In the seventeenth and eighteenth centuries, the Jesuits formed the link connecting the mind of Europe with the Far East. But their activities in China were, after 1723, very much curtailed in consequence of the unhappy controversy which took place over ritual. The Chinese, in view of the disputes between the various Catholic orders, then began to regard Christians as apostles of discord, and commenced persecutions, which, even in the eyes of the missionaries, obscured the fair image of ancient China. The
mis~ioparies began to blame, where before they had only praised. If we compare the Memoires concernant l'histoire,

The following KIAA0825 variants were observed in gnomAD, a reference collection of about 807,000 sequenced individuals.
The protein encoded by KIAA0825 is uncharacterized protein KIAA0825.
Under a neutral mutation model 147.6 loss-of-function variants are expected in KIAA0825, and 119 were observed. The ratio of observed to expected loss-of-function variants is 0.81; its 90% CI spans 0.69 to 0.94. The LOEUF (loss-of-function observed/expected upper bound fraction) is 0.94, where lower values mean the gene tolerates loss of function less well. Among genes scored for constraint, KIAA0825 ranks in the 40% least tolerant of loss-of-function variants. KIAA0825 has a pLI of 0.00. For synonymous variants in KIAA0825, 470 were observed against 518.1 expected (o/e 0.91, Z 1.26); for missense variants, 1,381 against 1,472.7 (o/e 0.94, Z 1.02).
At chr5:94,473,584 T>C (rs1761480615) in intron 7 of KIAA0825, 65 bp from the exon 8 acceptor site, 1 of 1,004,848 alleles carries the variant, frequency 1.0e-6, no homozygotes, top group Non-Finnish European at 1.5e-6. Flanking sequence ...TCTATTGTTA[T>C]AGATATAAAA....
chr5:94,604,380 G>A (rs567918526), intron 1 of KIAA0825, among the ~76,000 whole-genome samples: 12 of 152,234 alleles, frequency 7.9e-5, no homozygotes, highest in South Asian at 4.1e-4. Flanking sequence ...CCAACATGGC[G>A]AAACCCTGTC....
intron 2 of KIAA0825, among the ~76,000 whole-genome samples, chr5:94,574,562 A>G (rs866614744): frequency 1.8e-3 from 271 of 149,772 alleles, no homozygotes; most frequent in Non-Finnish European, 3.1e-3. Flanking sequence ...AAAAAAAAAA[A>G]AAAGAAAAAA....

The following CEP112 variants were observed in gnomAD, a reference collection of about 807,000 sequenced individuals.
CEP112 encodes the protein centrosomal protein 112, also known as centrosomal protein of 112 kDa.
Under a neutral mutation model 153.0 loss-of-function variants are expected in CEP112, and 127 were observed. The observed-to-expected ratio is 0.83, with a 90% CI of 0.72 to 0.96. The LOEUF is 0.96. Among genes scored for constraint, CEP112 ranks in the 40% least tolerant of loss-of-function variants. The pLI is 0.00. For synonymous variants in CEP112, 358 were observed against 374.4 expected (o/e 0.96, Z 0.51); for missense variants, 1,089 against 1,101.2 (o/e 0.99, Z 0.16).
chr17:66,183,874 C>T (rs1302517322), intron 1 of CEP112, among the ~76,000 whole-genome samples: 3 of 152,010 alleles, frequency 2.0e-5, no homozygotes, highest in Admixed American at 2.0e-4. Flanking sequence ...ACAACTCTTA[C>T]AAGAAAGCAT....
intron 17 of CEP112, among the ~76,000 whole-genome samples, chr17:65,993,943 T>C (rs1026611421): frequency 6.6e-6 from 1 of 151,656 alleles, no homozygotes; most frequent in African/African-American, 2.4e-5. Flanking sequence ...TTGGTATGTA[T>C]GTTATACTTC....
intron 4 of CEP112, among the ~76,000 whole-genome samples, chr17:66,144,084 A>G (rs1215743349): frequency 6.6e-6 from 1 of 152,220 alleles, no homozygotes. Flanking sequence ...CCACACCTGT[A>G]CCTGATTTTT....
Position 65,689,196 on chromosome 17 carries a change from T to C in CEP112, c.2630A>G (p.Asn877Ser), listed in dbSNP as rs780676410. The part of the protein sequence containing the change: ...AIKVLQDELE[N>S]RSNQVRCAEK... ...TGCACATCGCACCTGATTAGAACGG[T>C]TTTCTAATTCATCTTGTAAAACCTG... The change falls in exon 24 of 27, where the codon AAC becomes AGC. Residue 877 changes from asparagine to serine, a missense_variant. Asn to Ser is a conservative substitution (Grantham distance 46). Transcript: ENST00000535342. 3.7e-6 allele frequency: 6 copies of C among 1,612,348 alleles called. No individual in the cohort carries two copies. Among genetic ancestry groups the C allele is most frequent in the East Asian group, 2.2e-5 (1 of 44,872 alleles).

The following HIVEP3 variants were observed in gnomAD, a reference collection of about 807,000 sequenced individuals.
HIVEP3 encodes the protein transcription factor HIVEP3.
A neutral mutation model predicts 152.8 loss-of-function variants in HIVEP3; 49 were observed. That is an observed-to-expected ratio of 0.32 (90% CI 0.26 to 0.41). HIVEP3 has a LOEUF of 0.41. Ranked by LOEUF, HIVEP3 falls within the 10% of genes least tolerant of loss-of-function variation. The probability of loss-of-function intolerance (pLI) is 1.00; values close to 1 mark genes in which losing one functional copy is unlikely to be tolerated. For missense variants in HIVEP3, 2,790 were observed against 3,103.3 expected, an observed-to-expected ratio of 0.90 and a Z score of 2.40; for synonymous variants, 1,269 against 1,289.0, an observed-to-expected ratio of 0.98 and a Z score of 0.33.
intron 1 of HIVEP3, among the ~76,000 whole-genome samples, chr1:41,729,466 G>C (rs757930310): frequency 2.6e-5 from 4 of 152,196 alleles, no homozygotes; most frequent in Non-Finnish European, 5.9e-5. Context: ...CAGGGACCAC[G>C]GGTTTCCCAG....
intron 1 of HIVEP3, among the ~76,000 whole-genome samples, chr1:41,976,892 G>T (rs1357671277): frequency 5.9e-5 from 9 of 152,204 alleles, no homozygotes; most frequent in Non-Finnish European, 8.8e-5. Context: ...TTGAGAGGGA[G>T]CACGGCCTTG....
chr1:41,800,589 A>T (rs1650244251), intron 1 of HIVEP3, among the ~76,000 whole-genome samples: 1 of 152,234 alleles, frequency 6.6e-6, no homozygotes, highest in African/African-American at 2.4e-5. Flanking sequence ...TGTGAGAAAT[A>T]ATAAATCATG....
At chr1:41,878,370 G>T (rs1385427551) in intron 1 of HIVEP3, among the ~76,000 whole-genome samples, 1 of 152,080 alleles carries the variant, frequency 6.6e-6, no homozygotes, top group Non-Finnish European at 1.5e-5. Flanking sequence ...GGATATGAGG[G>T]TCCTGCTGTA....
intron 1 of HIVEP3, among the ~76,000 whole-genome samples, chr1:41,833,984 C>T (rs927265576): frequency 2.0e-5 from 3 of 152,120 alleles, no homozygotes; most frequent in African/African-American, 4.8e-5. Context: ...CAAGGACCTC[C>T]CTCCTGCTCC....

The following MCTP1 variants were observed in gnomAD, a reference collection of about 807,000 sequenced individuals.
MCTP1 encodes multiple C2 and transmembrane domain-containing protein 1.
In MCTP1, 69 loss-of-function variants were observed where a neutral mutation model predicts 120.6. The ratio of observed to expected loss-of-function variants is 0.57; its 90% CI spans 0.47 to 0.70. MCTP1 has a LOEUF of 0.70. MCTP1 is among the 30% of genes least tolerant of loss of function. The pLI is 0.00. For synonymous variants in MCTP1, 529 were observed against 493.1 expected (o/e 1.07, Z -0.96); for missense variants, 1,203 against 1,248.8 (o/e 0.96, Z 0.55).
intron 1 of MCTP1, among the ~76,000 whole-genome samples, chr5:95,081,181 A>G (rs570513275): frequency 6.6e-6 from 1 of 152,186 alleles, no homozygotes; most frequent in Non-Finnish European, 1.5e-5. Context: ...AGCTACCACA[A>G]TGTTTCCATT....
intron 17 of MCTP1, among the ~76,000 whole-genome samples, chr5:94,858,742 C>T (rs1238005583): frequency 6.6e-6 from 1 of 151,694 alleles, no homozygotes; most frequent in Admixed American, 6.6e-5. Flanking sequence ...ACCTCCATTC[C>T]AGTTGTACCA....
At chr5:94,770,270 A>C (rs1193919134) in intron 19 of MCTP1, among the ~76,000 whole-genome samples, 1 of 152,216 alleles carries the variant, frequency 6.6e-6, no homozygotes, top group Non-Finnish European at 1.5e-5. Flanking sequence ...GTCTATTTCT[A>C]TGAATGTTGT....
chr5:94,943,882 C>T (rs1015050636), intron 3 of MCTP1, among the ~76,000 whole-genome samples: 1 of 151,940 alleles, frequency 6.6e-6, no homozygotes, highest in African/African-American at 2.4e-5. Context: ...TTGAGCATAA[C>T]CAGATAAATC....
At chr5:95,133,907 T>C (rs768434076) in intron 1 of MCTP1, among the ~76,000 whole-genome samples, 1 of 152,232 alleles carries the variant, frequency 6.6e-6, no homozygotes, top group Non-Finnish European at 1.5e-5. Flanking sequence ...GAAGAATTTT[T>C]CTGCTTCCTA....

etc., de la Chine (a new series of letters from Chinese Jesuits beginning in 1776) with the Lettres ~difiantes et curieuses, which had appeared fifty years earlier, we are, on the whole, surprised by their matter-of-fact, impartial judgments, in which blame is mingled with praise and a certain bitterness of' tone makes itself felt. Then came the decay of Jesuit influence in Europe, following on the official dissolution of the Order in France in 1762, which was made complete in 1778. But every injury done to the Order also affected the spiritual relations of the West with the East. The unfavourable judgments of the commercial circles gained at the same time a wider hearing. Doubt having once become strong, opinions which had been hardening for a hundred years ventured to express themselves.